MinXus Mail Bag: Asemic cut-up by Claudia McGill (Wyncote, Pennsylvania, USA)

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Mail-art by Claudia McGill (Wyncote, Pennsylvania, USA)

Dear friend and ever-faithful correspondent Claudia McGill sent us this brilliant piece that favors our own interest in asemic writing that is composed, at least in part, on a randomness principle.

As we hope the scan reveals, Claudia composed this postcard-size work by overlaying strips of (mostly) cursive writing in a relatively linear pattern upon a foundation of more cursive writing. We note that this “cut-up” technique (see William S. Burroughs) was employed by a number of artists who participated in the monumental Asemics 16 collaborative book project in 2011-12. This process creates new symbols and textual forms, all of which could not possibly have been anticipated. We find the result very impressive.

Friends know that Claudia McGill is capable of using an astonishingly wide range of aesthetic approaches to produce pleasing results. For this piece, she looks back to her gritty roots in the Trashpo, anti-art school. In fact, this work bears some similarity to the 2005 Trashpo compositions by visual poet Jim Leftwich (Virginia, USA) that launched the recent Trashpo craze (along with the work of Diane Keys (Illinois, USA).

To speak frankly with our intrepid readers, it is our opinion that the more formalist approaches to cut-up asemics are less successful than the anti-art sensibility. This is likely due to the fact that the formalist approach is less conducive to the integration and synthesis necessary to create a new language (or more properly the suggestion of a language) built on an existing language.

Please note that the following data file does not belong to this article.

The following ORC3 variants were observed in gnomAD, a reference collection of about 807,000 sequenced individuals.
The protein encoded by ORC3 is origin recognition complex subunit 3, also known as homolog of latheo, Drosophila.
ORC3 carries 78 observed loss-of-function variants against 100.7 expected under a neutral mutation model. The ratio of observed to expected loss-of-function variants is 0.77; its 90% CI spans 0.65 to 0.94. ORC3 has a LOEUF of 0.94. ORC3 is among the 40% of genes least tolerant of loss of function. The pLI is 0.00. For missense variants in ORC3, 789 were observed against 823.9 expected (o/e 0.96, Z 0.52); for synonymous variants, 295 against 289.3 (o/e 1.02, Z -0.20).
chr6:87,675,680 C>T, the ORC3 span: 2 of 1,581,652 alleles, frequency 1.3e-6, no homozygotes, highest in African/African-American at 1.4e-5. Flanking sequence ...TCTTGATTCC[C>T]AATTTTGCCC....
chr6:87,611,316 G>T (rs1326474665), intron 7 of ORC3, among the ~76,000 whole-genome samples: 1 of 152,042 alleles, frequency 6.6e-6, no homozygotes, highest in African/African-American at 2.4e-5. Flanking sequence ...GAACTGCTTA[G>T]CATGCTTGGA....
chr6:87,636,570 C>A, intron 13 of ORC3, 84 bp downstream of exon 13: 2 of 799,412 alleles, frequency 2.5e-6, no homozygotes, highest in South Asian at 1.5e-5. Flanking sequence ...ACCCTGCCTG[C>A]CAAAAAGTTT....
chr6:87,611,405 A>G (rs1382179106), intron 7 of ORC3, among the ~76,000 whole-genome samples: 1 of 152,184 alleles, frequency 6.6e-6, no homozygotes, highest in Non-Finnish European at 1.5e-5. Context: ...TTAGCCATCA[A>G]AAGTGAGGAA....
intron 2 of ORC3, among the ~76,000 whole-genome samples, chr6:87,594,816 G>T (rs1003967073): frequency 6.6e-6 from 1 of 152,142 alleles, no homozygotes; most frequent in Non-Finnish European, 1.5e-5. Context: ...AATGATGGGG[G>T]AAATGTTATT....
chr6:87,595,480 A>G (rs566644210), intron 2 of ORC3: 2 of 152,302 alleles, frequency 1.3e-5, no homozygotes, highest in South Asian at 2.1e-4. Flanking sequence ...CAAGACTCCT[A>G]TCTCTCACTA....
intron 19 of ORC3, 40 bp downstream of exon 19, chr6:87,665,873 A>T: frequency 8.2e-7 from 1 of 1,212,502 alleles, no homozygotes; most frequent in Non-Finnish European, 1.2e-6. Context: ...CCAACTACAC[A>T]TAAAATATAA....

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Many thanks to Claudia McGill for sending work for the growing asemic collection.

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2 Comments (+add yours?)

  1. Claudia McGill
    Nov 03, 2013 @ 21:31:39

    Thanks for blogging this card. I love the mysteriousness of this technique. Searching for the message in the layers and it’s always just slipping out of reach.
    I also like the technique of random pieces of printed matter all glued together to make something – chaotic. Like the way my head feels when I am in a crowd.
    Well, thanks again, I always appreciate your commentary and attention to my work.

    Reply

  2. Claudia McGill
    Nov 03, 2013 @ 21:32:17

    Reblogged this on Claudia McGill and Her Art World and commented:
    A mail art postcard with a message.

    Reply

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